Crimes Against Justice
The assassination of John F. Kennedy was, in the highest sense, a crime against the nation. But the murder of his accused assassin yesterday was a senseless violation of the very principles of law and justice to which the late President dedicated his life.
When the President's assassin took gun in hand, he rejected a political system designed to allow opposition without treason, dissent without disloyalty. Lee Oswald's murderer put himself no less outside the structure of law. Both men used the tactics of the battle field, not of a civilized society.
Just as no possible motivation could justify the assassination of the President, no calculated expediency could warrant the murder of Lee Oswald, even had he been proved guilty. As the Supreme Court said 97 years ago, "The Constitution of the United States is a law for rulers and people, equally in war and in peace, and covers with the shield of its protection all classes of men, at all times, and under all circumstances."
Those whose desire for vengeance overcomes their respect for the legal system share the guilt of Oswald's murderer. Their attitudes encouraged the killing by spreading contempt for orderly judicial procedure. As our society must allow a Lee Oswald his right to speak, so it should have guaranteed him his day in court.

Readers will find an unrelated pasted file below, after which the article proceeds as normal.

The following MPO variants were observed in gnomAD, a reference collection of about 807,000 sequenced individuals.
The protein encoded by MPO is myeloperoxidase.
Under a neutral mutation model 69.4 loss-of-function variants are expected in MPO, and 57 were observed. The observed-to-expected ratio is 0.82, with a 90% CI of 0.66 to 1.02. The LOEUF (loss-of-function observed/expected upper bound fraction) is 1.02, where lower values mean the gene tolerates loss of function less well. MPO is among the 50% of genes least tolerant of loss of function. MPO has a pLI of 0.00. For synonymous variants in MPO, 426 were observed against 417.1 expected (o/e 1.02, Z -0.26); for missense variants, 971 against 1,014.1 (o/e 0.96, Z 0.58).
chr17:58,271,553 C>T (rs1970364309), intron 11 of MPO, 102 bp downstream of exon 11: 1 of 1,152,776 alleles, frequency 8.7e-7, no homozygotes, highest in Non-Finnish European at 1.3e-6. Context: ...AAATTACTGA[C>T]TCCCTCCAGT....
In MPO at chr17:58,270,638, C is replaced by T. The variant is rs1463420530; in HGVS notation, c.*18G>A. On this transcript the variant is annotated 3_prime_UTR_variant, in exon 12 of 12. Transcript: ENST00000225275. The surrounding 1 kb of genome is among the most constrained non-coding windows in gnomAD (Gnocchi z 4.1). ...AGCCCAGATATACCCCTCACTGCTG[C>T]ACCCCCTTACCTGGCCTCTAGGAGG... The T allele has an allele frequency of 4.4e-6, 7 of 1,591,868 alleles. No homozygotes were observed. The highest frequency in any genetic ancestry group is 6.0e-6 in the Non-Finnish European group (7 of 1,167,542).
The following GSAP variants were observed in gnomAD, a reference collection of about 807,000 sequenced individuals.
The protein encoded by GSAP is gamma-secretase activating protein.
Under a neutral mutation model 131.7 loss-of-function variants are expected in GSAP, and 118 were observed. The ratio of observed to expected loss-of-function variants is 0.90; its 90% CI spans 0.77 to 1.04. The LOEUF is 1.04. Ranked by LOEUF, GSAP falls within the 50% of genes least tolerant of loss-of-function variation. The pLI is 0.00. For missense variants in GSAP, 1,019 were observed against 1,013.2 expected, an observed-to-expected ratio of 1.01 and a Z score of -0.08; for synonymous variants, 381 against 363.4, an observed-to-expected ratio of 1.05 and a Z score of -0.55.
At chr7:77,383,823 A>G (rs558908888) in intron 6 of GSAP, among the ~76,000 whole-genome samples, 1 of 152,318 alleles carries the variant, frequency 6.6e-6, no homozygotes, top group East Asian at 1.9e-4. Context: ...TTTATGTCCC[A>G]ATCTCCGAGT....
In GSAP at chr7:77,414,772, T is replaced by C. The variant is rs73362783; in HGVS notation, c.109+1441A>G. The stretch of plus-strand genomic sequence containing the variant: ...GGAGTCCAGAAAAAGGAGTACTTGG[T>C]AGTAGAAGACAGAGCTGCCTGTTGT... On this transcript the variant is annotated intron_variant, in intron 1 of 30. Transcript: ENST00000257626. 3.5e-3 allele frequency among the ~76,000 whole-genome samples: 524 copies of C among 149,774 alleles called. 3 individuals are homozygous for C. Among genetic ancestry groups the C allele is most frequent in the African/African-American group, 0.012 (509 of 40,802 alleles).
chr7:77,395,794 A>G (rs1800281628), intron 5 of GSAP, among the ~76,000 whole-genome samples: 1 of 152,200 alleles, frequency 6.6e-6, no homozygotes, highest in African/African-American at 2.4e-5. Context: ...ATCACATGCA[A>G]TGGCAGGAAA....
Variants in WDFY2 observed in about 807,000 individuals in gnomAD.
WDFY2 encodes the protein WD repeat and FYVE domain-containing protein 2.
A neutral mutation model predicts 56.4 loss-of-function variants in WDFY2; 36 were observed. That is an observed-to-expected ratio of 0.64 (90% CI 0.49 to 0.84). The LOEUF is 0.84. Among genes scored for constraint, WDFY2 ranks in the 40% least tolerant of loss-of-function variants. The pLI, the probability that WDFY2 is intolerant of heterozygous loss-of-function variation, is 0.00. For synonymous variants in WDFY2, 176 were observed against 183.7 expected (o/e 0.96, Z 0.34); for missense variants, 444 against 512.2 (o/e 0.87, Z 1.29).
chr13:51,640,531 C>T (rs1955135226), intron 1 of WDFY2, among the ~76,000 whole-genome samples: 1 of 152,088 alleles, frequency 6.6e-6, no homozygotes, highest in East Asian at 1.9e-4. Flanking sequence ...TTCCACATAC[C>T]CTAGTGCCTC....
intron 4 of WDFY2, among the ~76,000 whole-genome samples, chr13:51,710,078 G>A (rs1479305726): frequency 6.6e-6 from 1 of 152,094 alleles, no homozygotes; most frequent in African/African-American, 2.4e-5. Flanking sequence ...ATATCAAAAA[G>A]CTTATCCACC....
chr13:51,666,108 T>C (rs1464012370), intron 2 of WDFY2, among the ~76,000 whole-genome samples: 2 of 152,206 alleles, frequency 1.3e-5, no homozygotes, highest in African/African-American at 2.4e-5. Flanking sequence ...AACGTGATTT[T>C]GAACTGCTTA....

Despotism or anarchy are the only other alternatives. The safety of our leaders and the safety of accused criminals rests on the same basis. Grievances, no matter how strongly felt, must be mediated within a political system. Chief Justice Warren put it best as he spoke in eulogy of President Kennedy: "If we really love this country, if we truly love justice and mercy, if we fervently want to make this nation better for those who are to follow us, we can at least abjure the hatred that consumes people, the false accusations that divide us, and the bitterness that begets violence."